Catholic Education Services Director Identity and Outreach Sharon O’Keeffe and Leader Formation Rachel McLean share their Easter reflections in a time of COVID-19.
This year we have experienced a Lent and Easter unlike anything we have experienced before. It has challenged us to explore not only how we live and work, but how we worship and be people of faith. Whilst there has been much written about those on the frontline: our essential workers, we haven’t seen a lot written about families. I am so mindful of the impact that the pandemic has had on families and the sacrifices that they are having to make.
Sr Joan Chittister writes powerfully about the role of a community in managing a crisis. I can see great parallels with the role of a family managing a pandemic like Coronavirus. She reminds us that being Christian starts with a belief in Jesus Christ, the one who rises from the cross at Easter. With this hope, we then foster community and “an incessant sense of personal responsibility that makes the undoable, doable always.” Community encourages us to be “more empathic, more aware of the needs of others, more present to the demands of it all.” Community relies not on rules, but on principles.
By extending this concept to the family, we are reminded that although rules are good, especially when trying to live harmoniously in isolation together, we need to return to what makes our family special. It is our beliefs, our principles and ways of being that makes each family unique and able to face the challenges as they arise. I pray that each family in our community is able to lean into their principles and be a family of hope during this Easter season.
The real superheroes
2000 years ago, a man with superpowers healed the blind and cured the incurable.
He died for us on Good Friday.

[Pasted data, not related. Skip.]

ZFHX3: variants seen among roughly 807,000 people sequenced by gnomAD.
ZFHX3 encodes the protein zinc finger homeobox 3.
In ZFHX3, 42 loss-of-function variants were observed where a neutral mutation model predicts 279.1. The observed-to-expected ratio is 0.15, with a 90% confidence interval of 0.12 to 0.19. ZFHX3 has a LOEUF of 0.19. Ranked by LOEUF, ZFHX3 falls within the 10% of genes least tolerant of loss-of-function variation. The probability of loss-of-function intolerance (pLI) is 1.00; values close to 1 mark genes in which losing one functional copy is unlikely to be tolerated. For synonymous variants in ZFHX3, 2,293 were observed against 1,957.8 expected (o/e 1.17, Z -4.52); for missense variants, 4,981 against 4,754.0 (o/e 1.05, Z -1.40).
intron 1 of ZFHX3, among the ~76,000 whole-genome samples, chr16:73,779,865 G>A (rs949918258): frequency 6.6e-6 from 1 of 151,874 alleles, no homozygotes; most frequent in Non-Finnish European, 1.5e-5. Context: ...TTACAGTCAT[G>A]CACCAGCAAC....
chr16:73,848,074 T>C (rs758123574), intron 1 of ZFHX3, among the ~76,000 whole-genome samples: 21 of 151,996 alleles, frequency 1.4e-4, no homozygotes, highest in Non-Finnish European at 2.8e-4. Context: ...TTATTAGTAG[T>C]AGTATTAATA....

Today, women and men, young and old are dealing with a disease unlike anything they have ever seen. In these countries, people like you and me, are being superheroes for those who are suffering.
I give thanks for courageous doctors, nurses, cleaners, cooks, teachers, parents and carers. I pray for those who are sick, those who have died and those who have lost loved ones.
I ask for the strength to love without fear and to hope without doubt. During this Easter Season, I pray for peace and healing.
We ask this prayer, through our risen Christ, Amen.
Director Identity and Outreach
Being a witness
Easter Sunday marks the beginning of a 50 day period when the early church was called to be radical witnesses to Jesus resurrection. This was a time of confusion, concern and courage. Some of Jesus’ friends went into hiding, some became deniers of his new life, while others dared to love generously and respond in hope.
This Easter, we have all been called to find new ways of loving generously and responding in hope through our faith. Some of you have joined live-stream masses, some have listened to the readings of the day, while others have engaged in the plethora of reflections and spiritual opportunities that are evolving online in response to the Coronavirus. One of the experiences that I have explored is an online retreat called With Jesus in the Desert: A retreat for a time of isolation.
Day 13 of the retreat invites us to reflect on how Mary Magdalene was overcome with grief on the morning of the resurrection as she waited outside the empty tomb before delighting in the presence of the risen Christ. Her experience was read by all Catholics around the world on Easter Tuesday. In 2016, Mary Magdalene was proclaimed by Pope Francis the Apostle to the Apostles. This was a pretty exciting declaration by Pope Francis who saw the honoring of Mary Magdalene as an opportunity to reflect deeply on the dignity of women and their role in the Church as they share the good news of Christ’s rising. During this time of pandemic, it seems contradictory to think about ‘good news’ when so many people are hurting, suffering and dying. I have decided to turn to my faith, to the great witnesses of my tradition, like Mary Magdalene, to make meaning and give hope. I am daring to love radically and engage in inclusive and expansive prayer networks that cross borders and time zones. I encourage you to: share your faith; to be a person of prayer; and a witness like Mary.
Loving God, thank you for the love that brought Mary to the tomb in tears and took her away in joy.
Thank you for your love that took Jesus through death for us to life with us.
Thank you for the love that joins me to so many people.
Be with all who suffer in this epidemic.
May love lead me, both during my time of isolation and after it. Amen